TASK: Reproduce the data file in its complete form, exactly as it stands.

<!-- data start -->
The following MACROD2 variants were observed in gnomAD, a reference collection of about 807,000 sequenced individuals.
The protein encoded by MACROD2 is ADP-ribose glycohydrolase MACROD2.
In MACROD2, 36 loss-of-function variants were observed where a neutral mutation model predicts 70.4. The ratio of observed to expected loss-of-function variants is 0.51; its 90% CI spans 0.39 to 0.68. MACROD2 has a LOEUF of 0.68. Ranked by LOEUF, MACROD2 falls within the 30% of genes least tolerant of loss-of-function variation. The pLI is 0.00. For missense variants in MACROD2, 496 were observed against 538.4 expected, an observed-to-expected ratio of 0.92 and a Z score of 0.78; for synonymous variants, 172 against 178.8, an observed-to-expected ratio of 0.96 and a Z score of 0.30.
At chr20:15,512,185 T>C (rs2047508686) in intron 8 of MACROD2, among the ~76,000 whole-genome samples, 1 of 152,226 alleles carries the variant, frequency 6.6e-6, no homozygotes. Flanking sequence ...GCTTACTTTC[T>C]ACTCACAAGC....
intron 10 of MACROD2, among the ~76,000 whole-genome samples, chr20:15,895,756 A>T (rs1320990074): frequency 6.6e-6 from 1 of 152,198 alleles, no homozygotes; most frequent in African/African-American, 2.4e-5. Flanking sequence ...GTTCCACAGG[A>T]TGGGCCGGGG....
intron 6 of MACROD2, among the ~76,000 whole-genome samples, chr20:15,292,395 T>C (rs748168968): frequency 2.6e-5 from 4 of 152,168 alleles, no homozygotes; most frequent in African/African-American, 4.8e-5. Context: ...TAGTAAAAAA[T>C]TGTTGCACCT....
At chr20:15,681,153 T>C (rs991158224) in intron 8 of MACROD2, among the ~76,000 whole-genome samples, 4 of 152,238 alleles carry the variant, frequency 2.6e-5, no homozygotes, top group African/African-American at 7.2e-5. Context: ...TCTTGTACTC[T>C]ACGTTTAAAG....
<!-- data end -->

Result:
The following MACROD2 variants were observed in gnomAD, a reference collection of about 807,000 sequenced individuals.
The protein encoded by MACROD2 is ADP-ribose glycohydrolase MACROD2.
In MACROD2, 36 loss-of-function variants were observed where a neutral mutation model predicts 70.4. The ratio of observed to expected loss-of-function variants is 0.51; its 90% CI spans 0.39 to 0.68. MACROD2 has a LOEUF of 0.68. Ranked by LOEUF, MACROD2 falls within the 30% of genes least tolerant of loss-of-function variation. The pLI is 0.00. For missense variants in MACROD2, 496 were observed against 538.4 expected, an observed-to-expected ratio of 0.92 and a Z score of 0.78; for synonymous variants, 172 against 178.8, an observed-to-expected ratio of 0.96 and a Z score of 0.30.
At chr20:15,512,185 T>C (rs2047508686) in intron 8 of MACROD2, among the ~76,000 whole-genome samples, 1 of 152,226 alleles carries the variant, frequency 6.6e-6, no homozygotes. Flanking sequence ...GCTTACTTTC[T>C]ACTCACAAGC....
intron 10 of MACROD2, among the ~76,000 whole-genome samples, chr20:15,895,756 A>T (rs1320990074): frequency 6.6e-6 from 1 of 152,198 alleles, no homozygotes; most frequent in African/African-American, 2.4e-5. Flanking sequence ...GTTCCACAGG[A>T]TGGGCCGGGG....
intron 6 of MACROD2, among the ~76,000 whole-genome samples, chr20:15,292,395 T>C (rs748168968): frequency 2.6e-5 from 4 of 152,168 alleles, no homozygotes; most frequent in African/African-American, 4.8e-5. Context: ...TAGTAAAAAA[T>C]TGTTGCACCT....
At chr20:15,681,153 T>C (rs991158224) in intron 8 of MACROD2, among the ~76,000 whole-genome samples, 4 of 152,238 alleles carry the variant, frequency 2.6e-5, no homozygotes, top group African/African-American at 7.2e-5. Context: ...TCTTGTACTC[T>C]ACGTTTAAAG....